Isolation

What is more terrifying than being alone? Isolation is an intense feeling: complete and utter abandonment, no one to turn to, no one to ask for help. That’s why it is often used in horror fiction, both in the literal and metaphorical sense.

As a writer, isolating your character or characters can lead to an increase in tension. Let’s say that two couples get together and go on vacation. A is married to B, and C to D but A is sleeping with C who is also sleeping with B. D finds outs and goes nuts. If the happy couples’ revelations take places in a crowded hotel, there are too many complicating factors and intervening forces. Put them on a yacht out in the ocean, or a snowed-in winter log cabin and watch how the tempers flare when there’s nowhere to go. Interesting situation with great possibilities.

Michael Chrichton’s novel ” Sphere” is a great example of how isolation can impact a group of people. Without wanting to give away the plot, a group of researchers are trapped in a special habitat miles under the ocean. They are cut off from outside assistance and as the action increases, so does the tension, because they have nowhere to go and no one to turn to for help.

A notable short story about a character in complete isolation is Stephen King’s “Survivor Type” in which a single character survives the sinking of a cruise ship only to be left on a tiny island with only a logbook, a knife and a smuggled load of heroine. This story makes for an interesting read as it explores the question of what one would do to survive.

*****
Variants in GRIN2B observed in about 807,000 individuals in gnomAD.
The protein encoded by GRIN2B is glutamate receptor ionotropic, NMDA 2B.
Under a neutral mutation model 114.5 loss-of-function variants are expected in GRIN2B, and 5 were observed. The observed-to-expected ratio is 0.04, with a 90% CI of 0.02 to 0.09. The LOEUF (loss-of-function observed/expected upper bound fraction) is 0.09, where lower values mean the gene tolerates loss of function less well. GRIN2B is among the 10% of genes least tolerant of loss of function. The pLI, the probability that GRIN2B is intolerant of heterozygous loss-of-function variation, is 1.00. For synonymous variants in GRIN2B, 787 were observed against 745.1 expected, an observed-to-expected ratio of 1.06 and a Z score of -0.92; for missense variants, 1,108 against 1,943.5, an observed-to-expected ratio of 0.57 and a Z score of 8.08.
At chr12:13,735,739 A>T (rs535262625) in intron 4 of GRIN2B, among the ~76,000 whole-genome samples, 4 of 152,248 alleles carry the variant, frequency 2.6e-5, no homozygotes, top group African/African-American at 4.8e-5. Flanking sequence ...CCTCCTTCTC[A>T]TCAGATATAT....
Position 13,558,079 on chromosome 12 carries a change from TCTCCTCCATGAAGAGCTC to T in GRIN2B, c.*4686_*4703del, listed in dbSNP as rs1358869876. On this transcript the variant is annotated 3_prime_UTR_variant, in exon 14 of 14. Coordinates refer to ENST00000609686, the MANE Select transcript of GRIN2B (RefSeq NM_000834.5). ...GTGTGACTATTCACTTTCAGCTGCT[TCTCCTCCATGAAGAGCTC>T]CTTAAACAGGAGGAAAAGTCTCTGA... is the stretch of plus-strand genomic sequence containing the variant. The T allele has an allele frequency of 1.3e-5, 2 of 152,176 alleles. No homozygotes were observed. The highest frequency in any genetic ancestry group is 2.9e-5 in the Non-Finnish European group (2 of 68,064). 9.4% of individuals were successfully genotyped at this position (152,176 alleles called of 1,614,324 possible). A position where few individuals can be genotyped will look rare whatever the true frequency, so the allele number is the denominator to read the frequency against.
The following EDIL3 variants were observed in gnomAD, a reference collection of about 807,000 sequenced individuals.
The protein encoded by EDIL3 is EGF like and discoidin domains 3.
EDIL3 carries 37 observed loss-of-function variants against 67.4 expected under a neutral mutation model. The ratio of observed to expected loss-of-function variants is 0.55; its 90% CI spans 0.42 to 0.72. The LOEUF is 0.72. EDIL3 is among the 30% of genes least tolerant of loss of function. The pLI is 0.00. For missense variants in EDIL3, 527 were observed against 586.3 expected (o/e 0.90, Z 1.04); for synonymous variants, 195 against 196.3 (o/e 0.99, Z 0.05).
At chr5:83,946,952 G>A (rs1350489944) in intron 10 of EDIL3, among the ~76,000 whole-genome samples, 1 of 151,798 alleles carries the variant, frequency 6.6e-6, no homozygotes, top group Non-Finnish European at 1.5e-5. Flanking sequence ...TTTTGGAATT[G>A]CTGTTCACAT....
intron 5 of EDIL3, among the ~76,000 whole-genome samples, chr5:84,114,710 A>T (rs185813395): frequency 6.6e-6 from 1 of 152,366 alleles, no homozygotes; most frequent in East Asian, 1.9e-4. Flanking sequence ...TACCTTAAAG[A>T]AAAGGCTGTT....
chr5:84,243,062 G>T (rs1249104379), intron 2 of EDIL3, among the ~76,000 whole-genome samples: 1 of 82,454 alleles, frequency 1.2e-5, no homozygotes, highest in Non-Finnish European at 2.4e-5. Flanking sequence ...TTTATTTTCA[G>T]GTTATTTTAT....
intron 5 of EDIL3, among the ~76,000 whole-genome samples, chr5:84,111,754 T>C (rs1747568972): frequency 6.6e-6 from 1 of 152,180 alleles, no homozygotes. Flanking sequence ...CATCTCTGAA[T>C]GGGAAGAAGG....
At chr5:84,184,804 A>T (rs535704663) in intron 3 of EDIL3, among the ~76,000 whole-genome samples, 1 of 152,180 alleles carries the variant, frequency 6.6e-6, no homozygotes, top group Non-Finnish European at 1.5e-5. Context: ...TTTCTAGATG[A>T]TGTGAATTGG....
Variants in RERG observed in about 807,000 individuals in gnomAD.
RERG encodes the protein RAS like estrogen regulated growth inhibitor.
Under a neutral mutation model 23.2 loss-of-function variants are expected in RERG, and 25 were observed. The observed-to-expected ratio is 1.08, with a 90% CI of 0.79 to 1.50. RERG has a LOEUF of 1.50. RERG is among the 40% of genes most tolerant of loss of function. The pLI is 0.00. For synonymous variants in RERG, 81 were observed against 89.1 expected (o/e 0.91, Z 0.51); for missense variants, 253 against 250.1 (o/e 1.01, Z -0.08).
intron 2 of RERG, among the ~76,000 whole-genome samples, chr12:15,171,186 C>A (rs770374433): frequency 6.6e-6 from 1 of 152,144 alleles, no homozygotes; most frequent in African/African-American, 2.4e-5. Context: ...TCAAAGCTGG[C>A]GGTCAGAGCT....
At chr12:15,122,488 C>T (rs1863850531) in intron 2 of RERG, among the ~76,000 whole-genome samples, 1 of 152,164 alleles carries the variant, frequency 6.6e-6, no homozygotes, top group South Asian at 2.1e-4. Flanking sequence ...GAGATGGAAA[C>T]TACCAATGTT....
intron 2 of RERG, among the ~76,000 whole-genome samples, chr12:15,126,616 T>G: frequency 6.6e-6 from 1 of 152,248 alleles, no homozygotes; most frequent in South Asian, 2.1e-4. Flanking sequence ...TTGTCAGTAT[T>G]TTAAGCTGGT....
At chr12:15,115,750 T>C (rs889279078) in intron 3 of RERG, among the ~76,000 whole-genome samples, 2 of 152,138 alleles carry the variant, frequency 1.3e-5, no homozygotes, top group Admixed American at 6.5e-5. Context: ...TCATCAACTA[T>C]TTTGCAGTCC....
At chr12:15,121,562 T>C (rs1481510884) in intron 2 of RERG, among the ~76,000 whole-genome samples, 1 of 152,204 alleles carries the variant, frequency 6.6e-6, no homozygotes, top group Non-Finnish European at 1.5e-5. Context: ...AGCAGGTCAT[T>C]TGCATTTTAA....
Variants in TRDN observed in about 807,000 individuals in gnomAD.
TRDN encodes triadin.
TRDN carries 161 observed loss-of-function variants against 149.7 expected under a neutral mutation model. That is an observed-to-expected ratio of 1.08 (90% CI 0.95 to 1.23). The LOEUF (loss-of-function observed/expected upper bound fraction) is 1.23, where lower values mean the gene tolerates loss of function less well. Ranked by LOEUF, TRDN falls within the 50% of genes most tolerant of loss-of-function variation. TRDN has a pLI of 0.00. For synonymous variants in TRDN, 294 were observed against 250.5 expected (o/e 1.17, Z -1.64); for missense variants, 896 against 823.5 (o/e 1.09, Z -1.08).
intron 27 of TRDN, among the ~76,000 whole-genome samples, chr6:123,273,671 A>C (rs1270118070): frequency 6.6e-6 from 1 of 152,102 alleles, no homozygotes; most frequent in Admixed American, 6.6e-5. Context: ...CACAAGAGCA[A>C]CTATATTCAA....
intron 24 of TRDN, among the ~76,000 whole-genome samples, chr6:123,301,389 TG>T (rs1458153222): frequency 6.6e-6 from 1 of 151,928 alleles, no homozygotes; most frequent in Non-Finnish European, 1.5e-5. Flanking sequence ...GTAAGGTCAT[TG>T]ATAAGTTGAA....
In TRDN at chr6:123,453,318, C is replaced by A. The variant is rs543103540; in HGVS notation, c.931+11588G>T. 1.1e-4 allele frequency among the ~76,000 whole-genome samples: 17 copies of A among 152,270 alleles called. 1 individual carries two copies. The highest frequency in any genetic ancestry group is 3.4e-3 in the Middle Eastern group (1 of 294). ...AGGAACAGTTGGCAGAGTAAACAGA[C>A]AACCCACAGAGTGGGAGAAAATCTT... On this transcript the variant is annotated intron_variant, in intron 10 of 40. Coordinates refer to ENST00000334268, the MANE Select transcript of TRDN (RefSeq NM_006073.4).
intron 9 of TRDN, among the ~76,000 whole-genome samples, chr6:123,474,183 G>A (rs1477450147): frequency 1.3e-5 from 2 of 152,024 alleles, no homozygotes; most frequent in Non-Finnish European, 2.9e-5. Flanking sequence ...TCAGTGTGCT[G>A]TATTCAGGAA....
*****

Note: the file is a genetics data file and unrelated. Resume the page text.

“Event Horizon” is a particularly disturbing film revolving around a salvage crew trapped on a spaceship. Once again, it is the isolation that plays a crucial role in creating devastating events.

So what is it about isolation that gets to us? Perhaps its linked to our instinctive feeling that there is safety in numbers, or that two heads are better than one. When your characters are isolated, they have no one to reach out and all the decisions (and resulting consequences) rest on them.

An individual that has been isolated for extended periods of time can experience feelings of depression, anxiety, dislocation, sensory illusions and loss of time. Some say isolation can lead to madness. In groups, the dynamics change and so does the ‘normal’ social order.

In what ways can isolation be useful in fiction?
– it stops your characters from getting external help.
– it heightens their stress levels.
– it increases each character’s internal conflict.
– it forces decision making.
– it forces cooperation and rivalry.

We forget how much a situation can change we are alone, especially as a group. Bare this in mind when writing a horror story…

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